• Smokey report – police location report
  • Smokey Dozing – police sitting in a parked car
  • Smokey’s thick – police are everywhere
  • Smokey with a camera – police with radar
  • Smokey with ears – policeman with CB radio in their car
  • Somebody stepped on you – someone transmitted while you were talking
  • Splatter – bleedover from another channel
  • Squelch – control on radio which silences the speaker until a signal of a certain strength breaks through it
  • Three’s and eights – signing off, best wishes
  • Thin – very weak signal
  • Twelves – I have company present
  • Twenty – Location
  • Two Stool beaver – very fat woman
  • Uncle Charlie – FCC
  • Walking on you – someone talking over you
  • Wall-to-wall and treetop tall – strong, clear signal
  • Wall-to-wall and ten feet tall – strong clear signal
  • Warden – girlfriend or wife
  • Watch the pavement – drive safely
  • Water hole – truck stop
  • Wear your bumper out – following too close
  • Wearing socks – has linear amplifier
  • What am I putting on you? – how strong is my signal
  • What’s your twenty? – what is your location
  • Whip – long cb antenna
  • Who do you pull for? – who do you work for?
  • Wooly Bear – female
  • Z’s – Sleep

There were also 10 CB codes used by CB Radio operators

  • 10-1 Receiving Poorly
  • 10-2 Receiving Well
  • 10-3 Stop Transmitting
  • 10-4 Ok, Message Received
  • 10-5 Relay Message
  • 10-6 Busy, Stand By
  • 10-7 Out of Service, Leaving Air
  • 10-8 In Service, subject to call
  • 10-9 Repeat Message
  • 10-10 Transmission Completed, Standing By
  • 10-11 Talking too Rapidly
  • 10-12 Visitors Present
  • 10-13 Advise weather/road conditions
  • 10-16 Make Pickup at…
  • 10-17 Urgent Business
  • 10-18 Anything for us?
  • 10-19 Nothing for you, return to base
  • 10-20 My Location is ……… or What’s your Location?
  • 10-21 Call by Telephone
  • 10-22 Report in Person too ……
  • 10-23 Stand by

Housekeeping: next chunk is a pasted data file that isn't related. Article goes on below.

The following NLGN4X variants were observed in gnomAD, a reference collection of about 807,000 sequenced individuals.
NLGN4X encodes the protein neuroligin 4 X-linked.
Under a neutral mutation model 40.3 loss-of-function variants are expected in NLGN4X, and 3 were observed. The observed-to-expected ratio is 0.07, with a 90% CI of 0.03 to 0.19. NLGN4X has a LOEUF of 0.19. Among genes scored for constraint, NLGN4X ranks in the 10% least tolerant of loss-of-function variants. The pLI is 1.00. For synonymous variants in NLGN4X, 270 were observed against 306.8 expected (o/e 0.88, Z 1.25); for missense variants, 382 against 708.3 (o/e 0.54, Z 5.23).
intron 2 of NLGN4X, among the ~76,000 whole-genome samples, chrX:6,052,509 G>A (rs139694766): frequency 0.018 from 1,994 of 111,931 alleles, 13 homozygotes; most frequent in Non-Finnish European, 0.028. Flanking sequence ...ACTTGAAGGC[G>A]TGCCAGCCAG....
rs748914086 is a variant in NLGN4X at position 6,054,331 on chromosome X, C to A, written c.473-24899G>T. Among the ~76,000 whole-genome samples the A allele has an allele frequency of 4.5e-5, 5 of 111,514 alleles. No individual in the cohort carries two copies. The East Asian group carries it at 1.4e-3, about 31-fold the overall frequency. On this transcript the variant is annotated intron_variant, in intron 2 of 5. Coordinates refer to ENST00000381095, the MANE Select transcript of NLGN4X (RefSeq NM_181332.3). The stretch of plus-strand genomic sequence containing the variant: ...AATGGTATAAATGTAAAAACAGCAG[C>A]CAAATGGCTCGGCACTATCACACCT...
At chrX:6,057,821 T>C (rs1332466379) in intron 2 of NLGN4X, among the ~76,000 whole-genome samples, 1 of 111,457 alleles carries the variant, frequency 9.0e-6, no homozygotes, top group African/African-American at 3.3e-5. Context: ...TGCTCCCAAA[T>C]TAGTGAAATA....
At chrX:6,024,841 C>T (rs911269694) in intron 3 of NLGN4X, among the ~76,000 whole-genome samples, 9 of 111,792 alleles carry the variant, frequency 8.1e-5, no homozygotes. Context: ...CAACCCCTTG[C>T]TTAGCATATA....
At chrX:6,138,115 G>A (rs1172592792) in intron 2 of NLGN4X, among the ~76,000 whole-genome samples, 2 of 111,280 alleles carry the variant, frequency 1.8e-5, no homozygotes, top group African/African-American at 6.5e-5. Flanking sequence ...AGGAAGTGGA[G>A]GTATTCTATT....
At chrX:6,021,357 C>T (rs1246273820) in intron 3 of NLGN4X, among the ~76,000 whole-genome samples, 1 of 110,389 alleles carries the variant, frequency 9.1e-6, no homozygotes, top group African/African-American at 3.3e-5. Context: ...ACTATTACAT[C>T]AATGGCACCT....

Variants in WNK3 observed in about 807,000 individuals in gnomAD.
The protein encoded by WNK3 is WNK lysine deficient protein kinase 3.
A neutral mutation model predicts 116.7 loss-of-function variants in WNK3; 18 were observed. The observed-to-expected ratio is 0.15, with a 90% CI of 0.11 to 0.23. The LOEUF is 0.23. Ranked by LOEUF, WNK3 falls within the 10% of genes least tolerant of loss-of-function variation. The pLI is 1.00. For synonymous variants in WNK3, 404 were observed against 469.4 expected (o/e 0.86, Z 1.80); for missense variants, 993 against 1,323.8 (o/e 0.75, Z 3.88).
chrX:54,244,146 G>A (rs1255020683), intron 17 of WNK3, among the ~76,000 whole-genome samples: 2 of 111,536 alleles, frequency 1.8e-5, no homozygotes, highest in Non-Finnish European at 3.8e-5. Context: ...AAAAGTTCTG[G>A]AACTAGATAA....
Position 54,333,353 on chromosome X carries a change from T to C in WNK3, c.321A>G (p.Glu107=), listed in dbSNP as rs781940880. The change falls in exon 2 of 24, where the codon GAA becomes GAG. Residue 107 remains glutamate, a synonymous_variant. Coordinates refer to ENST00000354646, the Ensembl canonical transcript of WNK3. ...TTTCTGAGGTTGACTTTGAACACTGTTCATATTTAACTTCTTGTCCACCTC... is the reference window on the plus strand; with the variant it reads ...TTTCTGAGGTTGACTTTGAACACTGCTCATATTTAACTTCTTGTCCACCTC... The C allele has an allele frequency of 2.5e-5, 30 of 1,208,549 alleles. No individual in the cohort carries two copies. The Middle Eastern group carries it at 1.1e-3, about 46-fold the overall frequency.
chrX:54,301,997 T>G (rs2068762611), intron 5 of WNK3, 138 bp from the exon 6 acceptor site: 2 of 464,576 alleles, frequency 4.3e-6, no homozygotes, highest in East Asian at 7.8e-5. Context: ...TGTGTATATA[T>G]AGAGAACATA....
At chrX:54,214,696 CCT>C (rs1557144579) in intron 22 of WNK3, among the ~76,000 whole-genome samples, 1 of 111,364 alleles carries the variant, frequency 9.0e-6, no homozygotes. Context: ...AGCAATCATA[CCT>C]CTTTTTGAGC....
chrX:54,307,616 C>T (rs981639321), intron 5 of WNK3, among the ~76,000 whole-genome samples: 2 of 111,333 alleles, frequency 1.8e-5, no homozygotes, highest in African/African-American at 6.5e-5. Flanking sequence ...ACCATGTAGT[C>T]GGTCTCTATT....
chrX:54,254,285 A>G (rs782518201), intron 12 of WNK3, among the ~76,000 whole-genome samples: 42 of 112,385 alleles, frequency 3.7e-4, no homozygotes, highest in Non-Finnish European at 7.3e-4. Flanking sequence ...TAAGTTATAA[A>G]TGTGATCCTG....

• 10-24 Completed last assignment
  • 10-25 Can you Contact …….
  • 10-26 Disregard Last Information/Cancel Last Message/Ignore
  • 10-27 I am moving to Channel ……
  • 10-28 Identify your station
  • 10-29 Time is up for contact
  • 10-30 Does not conform to FCC Rules
  • 10-32 I will give you a radio check
  • 10-33 Emergency Traffic at this station
  • 10-34 Trouble at this station, help needed
  • 10-35 Confidential Information
  • 10-36 Correct Time is ………
  • 10-38 Ambulance needed at ………
  • 10-39 Your message delivered
  • 10-41 Please tune to channel ……..
  • 10-42 Traffic Accident at ……….
  • 10-43 Traffic tie-up at ………
  • 10-44 I have a message for you
  • 10-45 All units within range please report
  • 10-50 Break Channel
  • 10-62 Unable to copy, use phone
  • 10-62sl unable to copy on AM, use Sideband – Lower (not an official code)
  • 10-62su unable to copy on AM, use Sideband – Upper (not an official code)
  • 10-65 Awaiting your next message/assignment
  • 10-67 All units comply
  • 10-70 Fire at …….
  • 10-73 Speed Trap at …………
  • 10-75 You are causing interference
  • 10-77 Negative Contact
  • 10-84 My telephone number is ………
  • 10-85 My address is ………..
  • 10-91 Talk closer to the mike
  • 10-92 Your transmitter is out of adjustment
  • 10-93 Check my frequency on this channel
  • 10-94 Please give me a long count
  • 10-95 Transmit dead carrier for 5 sec.
  • 10-99 Mission completed, all units secure
  • 10-100 Need to take a break
  • 10-200 Police needed at ……….

Federal Communiocation Commalso did not stop this practice (cb handles & slang) because there was no harm in keeping the username private or concealed and amended its laws for incorporating this new development into its clauses.These nicknames were popularly used when the Oil Crisis had made the cars on the road to slow down and information about the access to the sources of gas became necessary. Those days mark the highest usage level for the CB radios and nicknames made those hectic communications all the more convenient. In those days, truckers marked the heaviest population that used the CB radios for daily communications. They generated the CB handle of their choice and started introducing themselves over the network with the same nickname. Other people started following the same trend and they came up with more innovation in these basic handles. With the passage of time, people got more occupied and started avoiding the hassle of thinking for hours just to create a nickname. This gave rise to the Handle Generators in which you just need to enter your name initial and you can have the most unique handle ready for use.